Align To Reference Track

The Align To Reference Track tool allows multiple clips to be aligned to the audio in a reference track. This can be useful to align clips that were recorded at the same time from multiple camera angles.

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Limitations

  • This tool can only be used to align clips with audio that is similar to the audio in clips on another track. Both the clip to align and the reference track must have audio that is similar so that the algorithm can detect the alignment.
  • The tool does not use timecodes for alignment

Usage

Place clips with similar audio on separate tracks. For example, put all the clips from each camera source on its own track.

Choose one track to be the “Reference Track”. Typically, this will be the audio from the best audio source. For example, use the camera that had the microphone closest to the presenter.

Select the clips to be aligned (do not select any clips on the reference track)

Right-click on the selected clips and choose from the menu: More->Align To Reference Track

In the dialog, select the reference track. Then click “Process”

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If the results look good, click “Apply”.

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The selected clips will be moved on the timeline to be aligned to the reference.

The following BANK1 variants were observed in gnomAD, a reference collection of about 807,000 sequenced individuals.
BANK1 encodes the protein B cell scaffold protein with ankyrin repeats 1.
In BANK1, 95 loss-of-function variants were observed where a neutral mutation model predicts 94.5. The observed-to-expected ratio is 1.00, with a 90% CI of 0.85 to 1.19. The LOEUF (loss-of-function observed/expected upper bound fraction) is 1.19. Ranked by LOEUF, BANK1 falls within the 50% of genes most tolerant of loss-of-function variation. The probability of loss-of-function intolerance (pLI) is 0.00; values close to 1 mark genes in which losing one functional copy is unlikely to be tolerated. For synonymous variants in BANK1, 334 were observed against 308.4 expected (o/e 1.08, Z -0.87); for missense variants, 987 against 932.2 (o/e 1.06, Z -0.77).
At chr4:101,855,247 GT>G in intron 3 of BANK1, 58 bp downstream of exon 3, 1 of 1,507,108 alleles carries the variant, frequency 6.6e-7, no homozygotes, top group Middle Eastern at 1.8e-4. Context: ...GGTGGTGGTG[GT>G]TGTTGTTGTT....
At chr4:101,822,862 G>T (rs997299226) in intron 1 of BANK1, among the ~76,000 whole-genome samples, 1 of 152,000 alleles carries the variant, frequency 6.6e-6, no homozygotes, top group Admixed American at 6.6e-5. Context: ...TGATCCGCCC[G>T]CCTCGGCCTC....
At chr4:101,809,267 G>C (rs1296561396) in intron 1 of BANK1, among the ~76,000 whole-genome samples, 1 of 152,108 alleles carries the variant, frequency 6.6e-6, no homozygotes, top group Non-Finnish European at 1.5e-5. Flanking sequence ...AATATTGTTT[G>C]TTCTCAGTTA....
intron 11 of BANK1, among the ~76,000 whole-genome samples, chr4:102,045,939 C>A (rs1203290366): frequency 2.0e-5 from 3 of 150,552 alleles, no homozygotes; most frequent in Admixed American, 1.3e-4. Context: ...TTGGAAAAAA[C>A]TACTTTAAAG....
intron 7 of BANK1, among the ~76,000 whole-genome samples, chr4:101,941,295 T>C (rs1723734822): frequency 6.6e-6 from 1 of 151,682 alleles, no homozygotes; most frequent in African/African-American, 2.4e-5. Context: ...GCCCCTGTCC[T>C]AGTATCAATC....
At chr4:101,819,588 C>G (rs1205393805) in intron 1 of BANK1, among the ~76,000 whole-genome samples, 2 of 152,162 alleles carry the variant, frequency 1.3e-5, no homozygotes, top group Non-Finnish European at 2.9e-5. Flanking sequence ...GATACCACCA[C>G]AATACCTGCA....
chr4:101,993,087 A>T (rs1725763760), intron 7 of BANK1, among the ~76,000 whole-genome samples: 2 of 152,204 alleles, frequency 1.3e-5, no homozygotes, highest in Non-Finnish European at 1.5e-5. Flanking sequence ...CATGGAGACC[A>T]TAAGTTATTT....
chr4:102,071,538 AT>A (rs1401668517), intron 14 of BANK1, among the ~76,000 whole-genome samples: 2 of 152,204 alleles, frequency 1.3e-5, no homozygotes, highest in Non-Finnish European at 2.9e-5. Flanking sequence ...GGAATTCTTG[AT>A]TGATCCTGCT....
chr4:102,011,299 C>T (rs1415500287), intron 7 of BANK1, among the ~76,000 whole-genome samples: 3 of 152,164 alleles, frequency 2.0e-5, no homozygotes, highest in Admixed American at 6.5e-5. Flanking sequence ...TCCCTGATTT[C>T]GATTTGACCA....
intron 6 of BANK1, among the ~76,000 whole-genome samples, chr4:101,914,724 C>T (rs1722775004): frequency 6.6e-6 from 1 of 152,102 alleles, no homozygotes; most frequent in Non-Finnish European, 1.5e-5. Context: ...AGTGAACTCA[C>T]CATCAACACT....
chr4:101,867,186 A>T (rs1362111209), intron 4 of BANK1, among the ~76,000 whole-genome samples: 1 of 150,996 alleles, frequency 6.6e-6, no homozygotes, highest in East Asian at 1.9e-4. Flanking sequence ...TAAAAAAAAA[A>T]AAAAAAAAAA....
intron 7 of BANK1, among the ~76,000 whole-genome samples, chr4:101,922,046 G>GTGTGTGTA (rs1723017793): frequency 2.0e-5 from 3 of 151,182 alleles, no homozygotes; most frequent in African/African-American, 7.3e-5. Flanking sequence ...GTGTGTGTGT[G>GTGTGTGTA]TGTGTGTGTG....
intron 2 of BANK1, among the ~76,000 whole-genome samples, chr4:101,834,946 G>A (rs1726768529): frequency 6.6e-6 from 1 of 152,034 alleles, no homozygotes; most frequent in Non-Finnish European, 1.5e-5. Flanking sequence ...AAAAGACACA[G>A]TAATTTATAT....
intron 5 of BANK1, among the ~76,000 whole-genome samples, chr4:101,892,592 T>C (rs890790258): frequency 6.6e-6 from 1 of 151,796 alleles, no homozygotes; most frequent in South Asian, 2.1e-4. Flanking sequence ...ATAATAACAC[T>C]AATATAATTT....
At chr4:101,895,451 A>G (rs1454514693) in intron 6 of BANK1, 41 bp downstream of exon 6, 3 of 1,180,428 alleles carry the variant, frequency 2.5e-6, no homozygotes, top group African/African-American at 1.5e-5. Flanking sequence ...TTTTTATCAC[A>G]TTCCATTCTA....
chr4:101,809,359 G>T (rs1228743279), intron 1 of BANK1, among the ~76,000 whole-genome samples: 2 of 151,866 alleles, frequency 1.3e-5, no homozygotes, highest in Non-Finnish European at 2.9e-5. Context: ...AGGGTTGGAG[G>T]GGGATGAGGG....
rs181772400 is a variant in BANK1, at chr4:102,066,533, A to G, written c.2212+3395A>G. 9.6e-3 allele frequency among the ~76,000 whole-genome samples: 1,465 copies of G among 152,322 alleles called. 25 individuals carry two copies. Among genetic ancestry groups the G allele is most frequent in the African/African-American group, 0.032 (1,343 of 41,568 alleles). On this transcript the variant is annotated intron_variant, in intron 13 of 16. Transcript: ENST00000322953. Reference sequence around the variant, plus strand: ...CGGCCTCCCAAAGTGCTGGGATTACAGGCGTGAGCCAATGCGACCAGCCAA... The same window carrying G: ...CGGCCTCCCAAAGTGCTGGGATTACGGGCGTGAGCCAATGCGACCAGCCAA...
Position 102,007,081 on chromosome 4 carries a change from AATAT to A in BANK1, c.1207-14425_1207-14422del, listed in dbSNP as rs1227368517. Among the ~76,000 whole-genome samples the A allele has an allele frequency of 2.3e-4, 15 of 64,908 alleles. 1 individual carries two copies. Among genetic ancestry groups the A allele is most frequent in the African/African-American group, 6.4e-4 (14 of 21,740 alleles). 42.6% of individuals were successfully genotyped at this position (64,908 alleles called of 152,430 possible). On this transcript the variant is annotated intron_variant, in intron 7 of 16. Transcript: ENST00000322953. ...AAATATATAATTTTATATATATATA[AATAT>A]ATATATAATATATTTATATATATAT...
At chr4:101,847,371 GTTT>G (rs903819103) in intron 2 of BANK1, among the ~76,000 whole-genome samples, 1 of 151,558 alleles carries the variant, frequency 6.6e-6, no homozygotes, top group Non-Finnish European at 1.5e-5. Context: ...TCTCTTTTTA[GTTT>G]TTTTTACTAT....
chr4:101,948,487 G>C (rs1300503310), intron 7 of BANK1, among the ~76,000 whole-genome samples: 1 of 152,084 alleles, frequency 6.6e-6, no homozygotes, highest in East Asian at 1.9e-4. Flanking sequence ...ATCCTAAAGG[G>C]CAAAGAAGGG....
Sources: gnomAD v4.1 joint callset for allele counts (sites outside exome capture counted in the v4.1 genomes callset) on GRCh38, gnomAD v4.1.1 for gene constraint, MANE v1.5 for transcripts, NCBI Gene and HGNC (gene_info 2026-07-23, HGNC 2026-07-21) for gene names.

Speed drift adjustment

If the selected clips can not be aligned, or if the alignment drifts over time, re-run the tool and select “Calculate speed adjustment”. With this option enabled, the alignment algorithm will try to detect alignment by speeding or slowing the clips. The clip speed difference can be detected by up to +/-0.5%.

If the tool is able to detect alignment with the “Calculate speed adjustment” option, after clicking “Apply”, the clips will be moved and their speed will be changed to make the alignment.

8 Likes

Thank you so much for this. Amazing.

Is this feature available in 22.04.25 Windows? This will be amazingly useful for me! Thanks.

No. It will be in the next release.

This looks like a very useful feature.

Having got the tracks synchronised / aligned will there be a simple way to “switch” to a camera angle?

When I did this previously I had to split at the in and out points then drag the required track to the top track (or hide the tracks above).
The other way was to use background frames and size / position to change the view on the tracks I wanted. (by copying filters).

The method I use is to subtract clips from higher video tracks by splitting and lifting clips on tracks that are above the camera that I want to show.

This is not a general multicam feature.

This is exactly what I was hoping for! Thank you very much for adding it - I’m keen to see how well it works :slight_smile:

We put the theory in practice. :slight_smile:

But there are some trigger values and some choices that were just guess/trial and error. We do hope to have developed things in a robust way so those choices are good for a wide range of audio and misalignment types.

But we are not really sure about that. So, reports would be very welcome! If it does not work for you, please, report… share you files, etc… :smiley:

I’d like to comment this:

What the algorithm does is to pick up a value (100%) and try to detect a drift about this value.

I would suggest that the algorithm uses the current speed setting, and not 100%, to find the drift. Or, depending on the use case, the dialog could allow this option. The dialog could show the current speed setting as a default value, and give the user the opportunity to change it before the alignment takes place.

I’m not sure what this will gain. The algorithm will always choose the speed value that gives the best result - regardless of where it starts searching from.